The European Union is a prominent leader in sustainable development and environmental preservation. In 2006, the European Council decided to renew their current EU Sustainable Development Strategy (SDS) with the intent of meeting new and more prestigious challenges, as well as furthering present commitments. The biggest goal of the SDS is to create long-term improvements and lasting impacts through environmentally conscious decisions. The EU has already incorporated SDS into daily life through more efficient use of resources, reaching new levels of clean air and water, and reducing the amount of waste; all of which generate jobs.
The EU Environment Commissioner, Janez Potočnik issued a serious warning on the relationship between the environment and the EU’s current economic challenges. He states that inefficient use of valuable natural resources could spark another recession in Europe. Through inefficient energy use, natural resources are wasted, while their costs are rising due to supply and demand. Europeans consequently get less bang for their buck as resources dwindle.
Potočnik argues that, “It’s very difficult to imagine [lifting Europe out of recession] without growth, and very difficult to imagine growth without competitiveness, and very difficult to be competitive without resource efficiency.” He believes that consumers and producers must work together to reduce wasteful methods and boost the economy. He stated that his department was investigating current regulations and proposing new more effective regulations. The desired outcome is to put Europe back on the competitive economic track.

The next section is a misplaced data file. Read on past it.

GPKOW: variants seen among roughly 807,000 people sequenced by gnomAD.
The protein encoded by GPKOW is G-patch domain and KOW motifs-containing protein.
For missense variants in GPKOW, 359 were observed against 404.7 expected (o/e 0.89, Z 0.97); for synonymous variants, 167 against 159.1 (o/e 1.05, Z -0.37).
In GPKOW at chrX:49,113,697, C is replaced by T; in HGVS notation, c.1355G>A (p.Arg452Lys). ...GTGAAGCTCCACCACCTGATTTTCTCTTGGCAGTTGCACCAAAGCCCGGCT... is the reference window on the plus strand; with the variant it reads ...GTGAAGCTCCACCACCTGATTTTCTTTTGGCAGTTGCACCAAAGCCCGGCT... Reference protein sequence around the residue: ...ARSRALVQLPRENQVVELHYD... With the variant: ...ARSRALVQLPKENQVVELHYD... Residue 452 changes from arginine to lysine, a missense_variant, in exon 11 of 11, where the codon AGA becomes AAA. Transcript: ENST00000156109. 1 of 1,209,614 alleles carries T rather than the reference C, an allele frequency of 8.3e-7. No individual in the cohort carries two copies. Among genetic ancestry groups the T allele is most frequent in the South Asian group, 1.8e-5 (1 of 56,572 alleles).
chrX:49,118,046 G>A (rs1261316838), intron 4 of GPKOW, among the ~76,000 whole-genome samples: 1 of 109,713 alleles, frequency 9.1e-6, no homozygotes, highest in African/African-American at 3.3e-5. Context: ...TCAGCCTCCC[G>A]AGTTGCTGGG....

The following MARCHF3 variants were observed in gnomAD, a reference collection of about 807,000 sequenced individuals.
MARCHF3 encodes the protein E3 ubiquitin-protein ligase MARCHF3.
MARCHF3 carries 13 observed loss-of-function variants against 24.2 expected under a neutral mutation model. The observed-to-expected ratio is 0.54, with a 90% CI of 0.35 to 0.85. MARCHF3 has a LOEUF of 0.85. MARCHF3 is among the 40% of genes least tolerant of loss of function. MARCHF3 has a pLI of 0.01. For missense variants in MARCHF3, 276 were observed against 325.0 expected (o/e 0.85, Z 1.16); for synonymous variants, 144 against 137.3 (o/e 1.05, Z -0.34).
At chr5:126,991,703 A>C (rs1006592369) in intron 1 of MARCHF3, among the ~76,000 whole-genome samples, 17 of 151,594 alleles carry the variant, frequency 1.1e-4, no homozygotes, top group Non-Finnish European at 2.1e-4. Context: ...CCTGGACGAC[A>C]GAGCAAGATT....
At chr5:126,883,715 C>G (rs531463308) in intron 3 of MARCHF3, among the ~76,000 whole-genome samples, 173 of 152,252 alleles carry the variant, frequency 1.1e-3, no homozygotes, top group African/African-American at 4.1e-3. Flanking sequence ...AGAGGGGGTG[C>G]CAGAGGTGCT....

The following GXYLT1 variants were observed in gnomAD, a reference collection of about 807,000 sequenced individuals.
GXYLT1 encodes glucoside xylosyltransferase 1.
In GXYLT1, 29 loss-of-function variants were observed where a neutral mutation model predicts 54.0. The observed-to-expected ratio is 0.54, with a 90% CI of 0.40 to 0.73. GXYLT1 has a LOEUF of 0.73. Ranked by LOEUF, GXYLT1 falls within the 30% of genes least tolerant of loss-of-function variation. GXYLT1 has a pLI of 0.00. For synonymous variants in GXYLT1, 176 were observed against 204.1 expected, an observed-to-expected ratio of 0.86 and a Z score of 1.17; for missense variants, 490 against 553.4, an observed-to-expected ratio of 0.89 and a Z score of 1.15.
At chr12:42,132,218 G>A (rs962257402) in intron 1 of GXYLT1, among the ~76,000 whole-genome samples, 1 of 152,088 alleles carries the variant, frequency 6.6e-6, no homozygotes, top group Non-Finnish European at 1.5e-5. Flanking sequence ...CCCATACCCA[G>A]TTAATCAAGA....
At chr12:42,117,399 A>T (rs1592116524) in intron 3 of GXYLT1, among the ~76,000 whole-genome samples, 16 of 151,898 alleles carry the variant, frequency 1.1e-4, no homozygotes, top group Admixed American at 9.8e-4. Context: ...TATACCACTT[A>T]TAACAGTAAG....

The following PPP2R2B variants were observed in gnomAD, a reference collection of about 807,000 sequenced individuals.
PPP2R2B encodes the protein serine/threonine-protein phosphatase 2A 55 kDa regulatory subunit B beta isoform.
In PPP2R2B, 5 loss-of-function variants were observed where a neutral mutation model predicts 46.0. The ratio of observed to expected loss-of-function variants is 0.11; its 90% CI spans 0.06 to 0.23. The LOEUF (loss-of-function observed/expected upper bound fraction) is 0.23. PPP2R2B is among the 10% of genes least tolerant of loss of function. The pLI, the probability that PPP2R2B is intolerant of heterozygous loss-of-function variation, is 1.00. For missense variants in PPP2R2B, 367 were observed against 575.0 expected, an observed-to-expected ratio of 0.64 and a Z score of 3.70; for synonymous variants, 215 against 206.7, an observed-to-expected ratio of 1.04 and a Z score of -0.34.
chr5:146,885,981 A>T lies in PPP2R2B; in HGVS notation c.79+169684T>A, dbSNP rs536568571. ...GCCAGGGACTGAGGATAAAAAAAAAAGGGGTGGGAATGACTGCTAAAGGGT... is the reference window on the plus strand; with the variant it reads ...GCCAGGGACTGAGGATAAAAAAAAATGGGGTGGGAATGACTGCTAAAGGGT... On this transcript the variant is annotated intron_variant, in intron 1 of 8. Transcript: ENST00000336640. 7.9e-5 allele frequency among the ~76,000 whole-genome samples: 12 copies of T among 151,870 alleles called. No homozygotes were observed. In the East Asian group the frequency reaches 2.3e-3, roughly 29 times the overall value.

The UK’s greenhouse gas emissions provide a recent example of the financial impact of failing to respect the environmental-economic relationship. The country’s emissions rose 3.1% in 2010. This statistic is met with disapproval in Europe as the UK did not follow SDS regulations. Furthermore, an increase in emissions represents a rise in energy usage and increases financial stress on consumers.
Keith Allot, head of climate change at WWF-UK, addresses the issue by stating: “It is alarming to see emissions from homes rising when people are struggling to pay their energy bills. The UK’s overreliance on gas has pushed up emissions along with people’s energy bills. It’s a clear sign that the government needs to back investors in renewable energy and get us off the fossil fuel hook once and for all.”
EU Climate Commissioner, Connie Hedegaard, takes the argument a step further. After attending an EU summit that discussed methods to create jobs and manage debt, Hedegaard claimed the solution is sustainable development. She asked her peers, “When we want to adjust our economics and make them more resilient, can anyone come up with a better proposal than to address energy efficiency?”
Hedegaard’s argument is simple: energy efficiency creates durable economies. She suggests that installing better insulation in European buildings would create about half a million jobs, and also decrease the energy import bill ($413 billion dollars for oil in 2011). With debt increasing, Hedegaard urges that investment in sustainable development could not only stimulate EU failing economies, but it could also help the European Union become a leader in economic innovation.
The answer is clear. In today’s world, sustained economic growth cannot be achieved without resource efficiency. If the EU can properly implement SDS procedures and protocols, Europe may be able to jumpstart its global competitiveness again. The question remains: will the EU use energy efficiency to help solve their financial crisis?
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Shealyn Kirts is a recent graduate of the University of Delaware with a degree in International Relations.
Category: Sustainable Small-B